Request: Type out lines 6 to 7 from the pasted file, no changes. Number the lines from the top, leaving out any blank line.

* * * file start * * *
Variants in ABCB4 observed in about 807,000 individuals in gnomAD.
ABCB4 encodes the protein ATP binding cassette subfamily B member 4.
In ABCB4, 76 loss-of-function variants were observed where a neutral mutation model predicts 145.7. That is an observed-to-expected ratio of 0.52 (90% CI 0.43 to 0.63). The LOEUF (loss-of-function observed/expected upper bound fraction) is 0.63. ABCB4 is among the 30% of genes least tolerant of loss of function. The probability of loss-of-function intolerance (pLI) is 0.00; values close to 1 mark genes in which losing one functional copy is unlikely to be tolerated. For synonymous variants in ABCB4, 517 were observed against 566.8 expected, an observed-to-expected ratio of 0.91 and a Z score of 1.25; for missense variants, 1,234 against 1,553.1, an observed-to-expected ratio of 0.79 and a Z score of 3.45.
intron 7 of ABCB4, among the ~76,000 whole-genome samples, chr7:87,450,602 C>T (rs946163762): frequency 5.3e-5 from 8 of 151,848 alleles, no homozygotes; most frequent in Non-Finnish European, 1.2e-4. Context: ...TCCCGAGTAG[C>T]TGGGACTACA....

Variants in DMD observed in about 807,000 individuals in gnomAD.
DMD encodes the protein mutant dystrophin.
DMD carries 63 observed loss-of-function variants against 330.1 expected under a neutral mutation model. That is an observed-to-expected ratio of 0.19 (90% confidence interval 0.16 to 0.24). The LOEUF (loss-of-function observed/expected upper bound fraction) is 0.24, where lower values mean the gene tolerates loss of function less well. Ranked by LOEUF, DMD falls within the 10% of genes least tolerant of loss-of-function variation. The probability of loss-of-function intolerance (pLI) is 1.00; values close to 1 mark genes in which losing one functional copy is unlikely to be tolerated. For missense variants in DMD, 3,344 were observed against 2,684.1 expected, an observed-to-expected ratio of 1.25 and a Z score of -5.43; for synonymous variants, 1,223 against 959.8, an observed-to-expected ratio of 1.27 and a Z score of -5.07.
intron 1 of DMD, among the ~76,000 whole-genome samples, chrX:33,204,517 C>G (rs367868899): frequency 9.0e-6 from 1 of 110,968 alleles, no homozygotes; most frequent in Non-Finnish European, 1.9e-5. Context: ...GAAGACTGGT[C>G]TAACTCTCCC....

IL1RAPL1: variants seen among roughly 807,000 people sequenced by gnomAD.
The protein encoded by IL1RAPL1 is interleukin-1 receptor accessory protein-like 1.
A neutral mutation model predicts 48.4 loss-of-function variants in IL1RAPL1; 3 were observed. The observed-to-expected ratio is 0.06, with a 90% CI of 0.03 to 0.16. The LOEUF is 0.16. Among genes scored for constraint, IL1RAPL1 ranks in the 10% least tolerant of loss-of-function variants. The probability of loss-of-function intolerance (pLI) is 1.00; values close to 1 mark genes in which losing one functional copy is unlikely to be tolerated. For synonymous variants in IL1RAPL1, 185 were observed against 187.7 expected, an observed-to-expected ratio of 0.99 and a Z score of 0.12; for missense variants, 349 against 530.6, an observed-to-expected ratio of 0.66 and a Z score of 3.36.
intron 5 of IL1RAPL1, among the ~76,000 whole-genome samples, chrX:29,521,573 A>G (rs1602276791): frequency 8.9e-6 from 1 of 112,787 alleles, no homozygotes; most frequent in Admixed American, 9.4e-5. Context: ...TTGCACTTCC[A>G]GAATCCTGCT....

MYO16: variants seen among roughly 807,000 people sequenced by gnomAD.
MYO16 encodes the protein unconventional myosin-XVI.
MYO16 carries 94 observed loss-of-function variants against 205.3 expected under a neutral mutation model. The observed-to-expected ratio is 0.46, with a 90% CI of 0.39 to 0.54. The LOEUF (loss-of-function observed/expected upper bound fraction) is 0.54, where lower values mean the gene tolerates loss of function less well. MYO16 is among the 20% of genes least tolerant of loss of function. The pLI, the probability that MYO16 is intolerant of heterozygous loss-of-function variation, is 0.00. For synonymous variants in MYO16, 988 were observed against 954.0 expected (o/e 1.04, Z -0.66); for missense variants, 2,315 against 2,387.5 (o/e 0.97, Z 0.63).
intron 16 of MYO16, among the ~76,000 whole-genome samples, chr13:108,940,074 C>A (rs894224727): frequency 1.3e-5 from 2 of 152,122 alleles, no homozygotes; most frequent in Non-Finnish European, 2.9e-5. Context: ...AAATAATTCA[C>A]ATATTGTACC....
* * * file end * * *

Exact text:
DMD encodes the protein mutant dystrophin.
DMD carries 63 observed loss-of-function variants against 330.1 expected under a neutral mutation model. That is an observed-to-expected ratio of 0.19 (90% confidence interval 0.16 to 0.24). The LOEUF (loss-of-function observed/expected upper bound fraction) is 0.24, where lower values mean the gene tolerates loss of function less well. Ranked by LOEUF, DMD falls within the 10% of genes least tolerant of loss-of-function variation. The probability of loss-of-function intolerance (pLI) is 1.00; values close to 1 mark genes in which losing one functional copy is unlikely to be tolerated. For missense variants in DMD, 3,344 were observed against 2,684.1 expected, an observed-to-expected ratio of 1.25 and a Z score of -5.43; for synonymous variants, 1,223 against 959.8, an observed-to-expected ratio of 1.27 and a Z score of -5.07.